Mr. McCain’s provision faces stiff opposition in the House, which did not include similar language in its version of the spending bill.

The White House has threatened to veto any bill that includes the McCain provision, contending that it would bind the president’s hands in wartime.

But Mr. McCain has kept the pressure on as the issue moves to a House-Senate conference committee, perhaps later this week or next. Shortly after the Senate vote on Oct. 5, Mr. McCain’s staff sent members of the conference committee letters endorsing the provision signed by more than two dozen retired senior military officers, including former Secretary of State Colin L. Powell and John M. Shalikashvili, both former chairmen of the Joint Chiefs of Staff.

The matter will probably be settled in a private meeting in the next week or two among four senior lawmakers: Senator Ted Stevens of Alaska and Representative C. W. Bill Young of Florida, both Republicans; and Senator Daniel K. Inouye of Hawaii and Representative John P. Murtha of Pennsylvania, both Democrats. All are on the conference committee.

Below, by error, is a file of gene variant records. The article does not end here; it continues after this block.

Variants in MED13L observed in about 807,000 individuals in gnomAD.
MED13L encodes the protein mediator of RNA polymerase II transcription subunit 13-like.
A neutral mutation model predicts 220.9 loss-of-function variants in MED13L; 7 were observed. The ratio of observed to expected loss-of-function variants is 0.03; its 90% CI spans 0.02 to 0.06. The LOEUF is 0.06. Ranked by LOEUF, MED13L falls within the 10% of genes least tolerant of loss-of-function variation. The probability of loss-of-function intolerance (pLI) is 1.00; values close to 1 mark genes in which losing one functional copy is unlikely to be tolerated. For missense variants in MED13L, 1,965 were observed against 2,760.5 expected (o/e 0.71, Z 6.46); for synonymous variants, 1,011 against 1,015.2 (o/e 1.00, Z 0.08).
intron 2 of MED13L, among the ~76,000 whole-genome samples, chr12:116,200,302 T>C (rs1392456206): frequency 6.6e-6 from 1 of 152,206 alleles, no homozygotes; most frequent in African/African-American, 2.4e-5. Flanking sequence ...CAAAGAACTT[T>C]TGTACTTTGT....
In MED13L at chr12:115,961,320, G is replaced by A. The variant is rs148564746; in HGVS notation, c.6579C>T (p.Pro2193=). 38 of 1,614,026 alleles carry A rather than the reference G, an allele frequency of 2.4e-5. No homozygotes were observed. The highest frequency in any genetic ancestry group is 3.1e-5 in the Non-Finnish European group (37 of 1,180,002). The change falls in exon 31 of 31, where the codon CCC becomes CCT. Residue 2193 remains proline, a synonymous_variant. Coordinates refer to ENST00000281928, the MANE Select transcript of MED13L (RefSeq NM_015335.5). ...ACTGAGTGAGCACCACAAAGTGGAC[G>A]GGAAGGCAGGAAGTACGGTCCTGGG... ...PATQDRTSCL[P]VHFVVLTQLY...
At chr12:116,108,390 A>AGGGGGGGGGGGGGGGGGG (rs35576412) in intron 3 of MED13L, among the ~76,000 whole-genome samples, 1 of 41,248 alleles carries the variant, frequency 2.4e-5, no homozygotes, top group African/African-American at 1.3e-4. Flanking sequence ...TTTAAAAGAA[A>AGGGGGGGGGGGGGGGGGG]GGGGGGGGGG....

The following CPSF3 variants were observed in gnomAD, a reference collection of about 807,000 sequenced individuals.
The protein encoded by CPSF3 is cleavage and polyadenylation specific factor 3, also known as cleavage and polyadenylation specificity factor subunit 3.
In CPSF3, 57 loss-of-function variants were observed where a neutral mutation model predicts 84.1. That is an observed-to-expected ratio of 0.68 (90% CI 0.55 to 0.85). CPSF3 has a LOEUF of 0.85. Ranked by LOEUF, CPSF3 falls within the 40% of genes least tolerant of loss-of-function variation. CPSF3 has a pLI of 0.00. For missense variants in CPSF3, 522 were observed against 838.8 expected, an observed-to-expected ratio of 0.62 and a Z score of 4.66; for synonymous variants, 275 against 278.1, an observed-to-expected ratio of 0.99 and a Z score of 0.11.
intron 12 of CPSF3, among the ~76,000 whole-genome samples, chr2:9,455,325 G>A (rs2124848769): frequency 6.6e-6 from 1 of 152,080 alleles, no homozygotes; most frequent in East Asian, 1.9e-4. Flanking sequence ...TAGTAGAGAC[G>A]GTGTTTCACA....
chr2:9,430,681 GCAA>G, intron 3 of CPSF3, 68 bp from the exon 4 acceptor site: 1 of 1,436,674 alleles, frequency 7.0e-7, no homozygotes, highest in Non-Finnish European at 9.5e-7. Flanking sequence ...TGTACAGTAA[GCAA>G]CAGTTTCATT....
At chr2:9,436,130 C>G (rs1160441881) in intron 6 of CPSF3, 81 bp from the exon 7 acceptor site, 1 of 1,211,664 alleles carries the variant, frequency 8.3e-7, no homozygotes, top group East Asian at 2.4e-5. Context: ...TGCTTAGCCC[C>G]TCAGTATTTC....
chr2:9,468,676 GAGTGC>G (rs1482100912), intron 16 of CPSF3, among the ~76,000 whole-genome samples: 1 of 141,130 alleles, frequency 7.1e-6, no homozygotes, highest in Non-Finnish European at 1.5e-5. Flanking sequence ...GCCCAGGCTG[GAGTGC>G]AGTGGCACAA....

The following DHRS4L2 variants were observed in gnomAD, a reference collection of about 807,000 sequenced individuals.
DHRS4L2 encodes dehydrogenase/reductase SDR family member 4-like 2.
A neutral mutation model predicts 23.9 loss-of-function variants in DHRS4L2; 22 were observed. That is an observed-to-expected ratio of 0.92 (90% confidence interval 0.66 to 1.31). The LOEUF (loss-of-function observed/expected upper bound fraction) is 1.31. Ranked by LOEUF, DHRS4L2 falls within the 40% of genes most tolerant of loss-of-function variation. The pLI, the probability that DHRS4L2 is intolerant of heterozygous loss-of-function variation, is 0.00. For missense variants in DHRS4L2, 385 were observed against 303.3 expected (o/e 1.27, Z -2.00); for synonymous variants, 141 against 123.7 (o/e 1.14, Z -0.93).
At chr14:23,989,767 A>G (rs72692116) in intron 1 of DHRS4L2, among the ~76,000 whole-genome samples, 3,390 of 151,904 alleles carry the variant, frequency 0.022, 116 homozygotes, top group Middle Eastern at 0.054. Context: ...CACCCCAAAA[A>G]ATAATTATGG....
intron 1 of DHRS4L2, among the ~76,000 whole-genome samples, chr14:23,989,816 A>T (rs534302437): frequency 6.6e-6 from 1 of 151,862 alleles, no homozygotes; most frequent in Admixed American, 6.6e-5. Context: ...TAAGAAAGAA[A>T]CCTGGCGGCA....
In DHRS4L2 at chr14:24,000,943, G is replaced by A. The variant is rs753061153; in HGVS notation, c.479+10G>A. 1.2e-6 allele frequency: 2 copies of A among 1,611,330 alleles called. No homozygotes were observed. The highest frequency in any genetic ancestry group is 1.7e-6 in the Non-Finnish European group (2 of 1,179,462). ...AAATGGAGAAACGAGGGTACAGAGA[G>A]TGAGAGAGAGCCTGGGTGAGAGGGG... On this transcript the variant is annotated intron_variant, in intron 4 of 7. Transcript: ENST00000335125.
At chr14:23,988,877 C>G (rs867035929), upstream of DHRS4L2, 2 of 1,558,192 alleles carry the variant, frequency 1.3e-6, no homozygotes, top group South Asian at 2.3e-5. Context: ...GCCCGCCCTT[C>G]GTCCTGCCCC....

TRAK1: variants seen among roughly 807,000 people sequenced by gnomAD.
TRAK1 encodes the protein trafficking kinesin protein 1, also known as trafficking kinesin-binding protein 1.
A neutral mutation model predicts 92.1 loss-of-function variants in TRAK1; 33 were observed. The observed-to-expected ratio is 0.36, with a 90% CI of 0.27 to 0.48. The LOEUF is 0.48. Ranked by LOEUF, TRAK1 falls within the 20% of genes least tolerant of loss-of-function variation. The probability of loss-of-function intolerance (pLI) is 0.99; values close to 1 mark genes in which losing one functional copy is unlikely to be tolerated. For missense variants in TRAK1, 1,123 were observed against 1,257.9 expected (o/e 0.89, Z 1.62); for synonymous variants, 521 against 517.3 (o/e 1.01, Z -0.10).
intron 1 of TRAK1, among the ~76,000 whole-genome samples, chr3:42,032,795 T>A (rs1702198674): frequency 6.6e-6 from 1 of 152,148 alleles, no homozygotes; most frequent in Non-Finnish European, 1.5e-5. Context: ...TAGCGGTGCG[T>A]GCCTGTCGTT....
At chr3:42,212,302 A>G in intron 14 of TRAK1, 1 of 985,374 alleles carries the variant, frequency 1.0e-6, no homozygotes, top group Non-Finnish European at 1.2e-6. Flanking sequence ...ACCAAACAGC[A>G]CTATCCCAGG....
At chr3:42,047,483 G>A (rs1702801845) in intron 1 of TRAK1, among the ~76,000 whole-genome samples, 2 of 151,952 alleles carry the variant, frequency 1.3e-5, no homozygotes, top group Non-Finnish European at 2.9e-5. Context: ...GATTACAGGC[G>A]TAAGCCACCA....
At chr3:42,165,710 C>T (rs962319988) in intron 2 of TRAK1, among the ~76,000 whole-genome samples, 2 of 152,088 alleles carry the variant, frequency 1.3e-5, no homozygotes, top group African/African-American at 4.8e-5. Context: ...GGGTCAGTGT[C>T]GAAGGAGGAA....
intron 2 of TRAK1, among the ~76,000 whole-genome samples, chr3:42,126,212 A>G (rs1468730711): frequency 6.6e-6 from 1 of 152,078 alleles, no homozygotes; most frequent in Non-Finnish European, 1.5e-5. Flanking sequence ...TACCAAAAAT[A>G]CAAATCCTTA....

Mr. McCain originally offered his measure earlier this year, when the Senate was working on a bill setting Pentagon policy. But Senator Bill Frist of Tennessee, the majority leader, scuttled that bill, partly because of White House opposition to the amendment.

Now it appears that senators have struck a deal to revive the budget bill for Senate floor debate and action. One of the principal amendments that Democrats are expected to offer, sponsored by Senator Carl Levin, a Michigan Democrat, would create an independent commission to review accusations of prisoner abuse by American forces in Iraq, Afghanistan, Cuba and elsewhere. The White House has also threatened a presidential veto if any bill comes to Mr. Bush’s desk that contains the provision.